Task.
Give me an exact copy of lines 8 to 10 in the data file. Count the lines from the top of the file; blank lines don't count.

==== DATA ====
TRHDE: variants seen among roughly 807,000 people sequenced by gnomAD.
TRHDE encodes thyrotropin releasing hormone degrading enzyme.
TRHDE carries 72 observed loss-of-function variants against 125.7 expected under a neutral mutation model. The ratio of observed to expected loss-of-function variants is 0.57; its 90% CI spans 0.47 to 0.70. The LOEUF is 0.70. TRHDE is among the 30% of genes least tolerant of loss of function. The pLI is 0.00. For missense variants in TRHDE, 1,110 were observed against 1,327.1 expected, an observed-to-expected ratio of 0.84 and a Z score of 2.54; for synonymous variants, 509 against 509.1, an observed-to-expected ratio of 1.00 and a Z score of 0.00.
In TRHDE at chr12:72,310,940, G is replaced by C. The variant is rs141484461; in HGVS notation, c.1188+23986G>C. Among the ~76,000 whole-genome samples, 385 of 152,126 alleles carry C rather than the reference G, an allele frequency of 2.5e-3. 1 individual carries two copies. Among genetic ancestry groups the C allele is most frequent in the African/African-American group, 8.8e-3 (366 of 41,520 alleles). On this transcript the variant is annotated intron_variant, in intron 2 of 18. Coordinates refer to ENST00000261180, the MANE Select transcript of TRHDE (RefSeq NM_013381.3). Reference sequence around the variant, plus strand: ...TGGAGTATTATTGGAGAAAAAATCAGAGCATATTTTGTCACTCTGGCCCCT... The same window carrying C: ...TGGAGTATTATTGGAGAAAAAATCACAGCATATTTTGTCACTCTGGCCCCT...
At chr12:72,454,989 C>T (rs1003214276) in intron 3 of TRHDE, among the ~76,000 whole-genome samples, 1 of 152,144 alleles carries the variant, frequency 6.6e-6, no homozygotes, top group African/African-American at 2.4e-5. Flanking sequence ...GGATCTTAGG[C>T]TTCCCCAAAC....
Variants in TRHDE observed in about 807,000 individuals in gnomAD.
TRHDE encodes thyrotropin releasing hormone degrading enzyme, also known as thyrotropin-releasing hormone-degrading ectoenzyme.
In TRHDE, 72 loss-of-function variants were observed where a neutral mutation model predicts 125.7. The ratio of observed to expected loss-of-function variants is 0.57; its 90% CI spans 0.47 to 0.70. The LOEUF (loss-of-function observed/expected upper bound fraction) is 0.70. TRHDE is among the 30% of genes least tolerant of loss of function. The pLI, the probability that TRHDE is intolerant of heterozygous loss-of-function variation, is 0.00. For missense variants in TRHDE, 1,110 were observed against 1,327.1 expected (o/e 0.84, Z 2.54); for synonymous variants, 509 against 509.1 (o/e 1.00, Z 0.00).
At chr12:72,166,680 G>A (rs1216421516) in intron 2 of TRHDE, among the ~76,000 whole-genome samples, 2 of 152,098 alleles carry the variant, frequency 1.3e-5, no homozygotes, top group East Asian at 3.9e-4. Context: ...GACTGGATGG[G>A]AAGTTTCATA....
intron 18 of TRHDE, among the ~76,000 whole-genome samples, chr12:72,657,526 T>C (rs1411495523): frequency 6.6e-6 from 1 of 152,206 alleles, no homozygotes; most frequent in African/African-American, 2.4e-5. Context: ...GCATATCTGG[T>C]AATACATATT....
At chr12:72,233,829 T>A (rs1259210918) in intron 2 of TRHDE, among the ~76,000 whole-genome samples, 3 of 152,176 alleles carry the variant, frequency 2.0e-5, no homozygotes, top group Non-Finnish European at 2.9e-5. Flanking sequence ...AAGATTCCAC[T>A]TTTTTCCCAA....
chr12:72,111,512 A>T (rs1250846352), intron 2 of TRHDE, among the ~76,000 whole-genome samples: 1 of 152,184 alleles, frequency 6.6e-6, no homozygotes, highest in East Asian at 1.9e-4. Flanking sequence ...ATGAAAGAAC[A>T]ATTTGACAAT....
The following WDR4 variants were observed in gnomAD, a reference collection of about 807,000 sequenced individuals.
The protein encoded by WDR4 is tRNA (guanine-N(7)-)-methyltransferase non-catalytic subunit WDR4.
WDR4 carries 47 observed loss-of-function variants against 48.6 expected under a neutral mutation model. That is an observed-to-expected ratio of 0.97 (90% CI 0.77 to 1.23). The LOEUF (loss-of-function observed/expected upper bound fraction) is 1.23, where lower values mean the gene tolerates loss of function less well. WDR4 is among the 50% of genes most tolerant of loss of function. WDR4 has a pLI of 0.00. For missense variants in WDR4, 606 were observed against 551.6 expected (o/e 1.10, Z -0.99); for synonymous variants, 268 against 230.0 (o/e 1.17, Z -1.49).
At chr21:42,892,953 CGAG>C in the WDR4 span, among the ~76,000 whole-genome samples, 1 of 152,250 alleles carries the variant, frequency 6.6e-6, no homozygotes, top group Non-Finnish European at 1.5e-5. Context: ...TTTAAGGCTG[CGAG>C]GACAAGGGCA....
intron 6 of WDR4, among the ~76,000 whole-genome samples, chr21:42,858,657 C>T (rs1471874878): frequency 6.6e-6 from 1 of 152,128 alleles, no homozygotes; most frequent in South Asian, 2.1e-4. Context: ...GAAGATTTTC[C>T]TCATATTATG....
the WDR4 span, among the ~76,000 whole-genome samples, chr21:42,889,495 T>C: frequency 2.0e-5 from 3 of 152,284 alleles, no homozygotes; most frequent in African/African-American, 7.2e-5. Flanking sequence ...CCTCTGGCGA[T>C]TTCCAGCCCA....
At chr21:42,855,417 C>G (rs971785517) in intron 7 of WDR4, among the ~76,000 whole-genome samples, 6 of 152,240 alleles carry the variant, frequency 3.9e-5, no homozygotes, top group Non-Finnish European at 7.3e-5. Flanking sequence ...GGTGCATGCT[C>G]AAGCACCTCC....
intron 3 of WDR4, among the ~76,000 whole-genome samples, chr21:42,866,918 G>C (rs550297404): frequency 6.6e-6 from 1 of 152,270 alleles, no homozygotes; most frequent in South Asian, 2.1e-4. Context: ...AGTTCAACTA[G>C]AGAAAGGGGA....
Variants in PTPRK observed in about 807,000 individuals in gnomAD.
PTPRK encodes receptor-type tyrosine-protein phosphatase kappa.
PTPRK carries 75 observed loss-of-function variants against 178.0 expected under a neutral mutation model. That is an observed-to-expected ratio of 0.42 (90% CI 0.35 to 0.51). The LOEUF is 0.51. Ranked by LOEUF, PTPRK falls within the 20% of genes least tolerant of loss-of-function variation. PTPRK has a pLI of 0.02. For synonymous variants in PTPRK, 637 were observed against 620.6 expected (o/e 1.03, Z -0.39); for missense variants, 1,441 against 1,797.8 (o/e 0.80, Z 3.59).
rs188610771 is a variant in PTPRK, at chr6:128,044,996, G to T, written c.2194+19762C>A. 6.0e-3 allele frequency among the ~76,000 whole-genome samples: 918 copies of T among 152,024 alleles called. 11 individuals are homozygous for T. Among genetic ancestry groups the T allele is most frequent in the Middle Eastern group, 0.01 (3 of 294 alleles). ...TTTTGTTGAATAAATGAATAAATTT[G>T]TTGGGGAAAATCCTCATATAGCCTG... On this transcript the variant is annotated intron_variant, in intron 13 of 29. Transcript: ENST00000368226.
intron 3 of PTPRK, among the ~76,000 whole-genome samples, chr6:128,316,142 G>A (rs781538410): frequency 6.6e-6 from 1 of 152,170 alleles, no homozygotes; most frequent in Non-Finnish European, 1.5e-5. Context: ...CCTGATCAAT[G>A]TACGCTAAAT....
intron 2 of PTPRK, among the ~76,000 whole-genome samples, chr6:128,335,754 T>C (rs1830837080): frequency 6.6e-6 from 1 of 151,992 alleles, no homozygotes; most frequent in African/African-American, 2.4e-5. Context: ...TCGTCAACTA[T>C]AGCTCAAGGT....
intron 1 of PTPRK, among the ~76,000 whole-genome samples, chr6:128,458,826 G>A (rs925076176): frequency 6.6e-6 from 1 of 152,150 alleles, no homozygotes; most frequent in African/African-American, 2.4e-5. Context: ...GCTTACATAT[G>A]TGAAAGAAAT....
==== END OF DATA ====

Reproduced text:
In TRHDE, 72 loss-of-function variants were observed where a neutral mutation model predicts 125.7. The ratio of observed to expected loss-of-function variants is 0.57; its 90% CI spans 0.47 to 0.70. The LOEUF (loss-of-function observed/expected upper bound fraction) is 0.70. TRHDE is among the 30% of genes least tolerant of loss of function. The pLI, the probability that TRHDE is intolerant of heterozygous loss-of-function variation, is 0.00. For missense variants in TRHDE, 1,110 were observed against 1,327.1 expected (o/e 0.84, Z 2.54); for synonymous variants, 509 against 509.1 (o/e 1.00, Z 0.00).
At chr12:72,166,680 G>A (rs1216421516) in intron 2 of TRHDE, among the ~76,000 whole-genome samples, 2 of 152,098 alleles carry the variant, frequency 1.3e-5, no homozygotes, top group East Asian at 3.9e-4. Context: ...GACTGGATGG[G>A]AAGTTTCATA....
intron 18 of TRHDE, among the ~76,000 whole-genome samples, chr12:72,657,526 T>C (rs1411495523): frequency 6.6e-6 from 1 of 152,206 alleles, no homozygotes; most frequent in African/African-American, 2.4e-5. Context: ...GCATATCTGG[T>C]AATACATATT....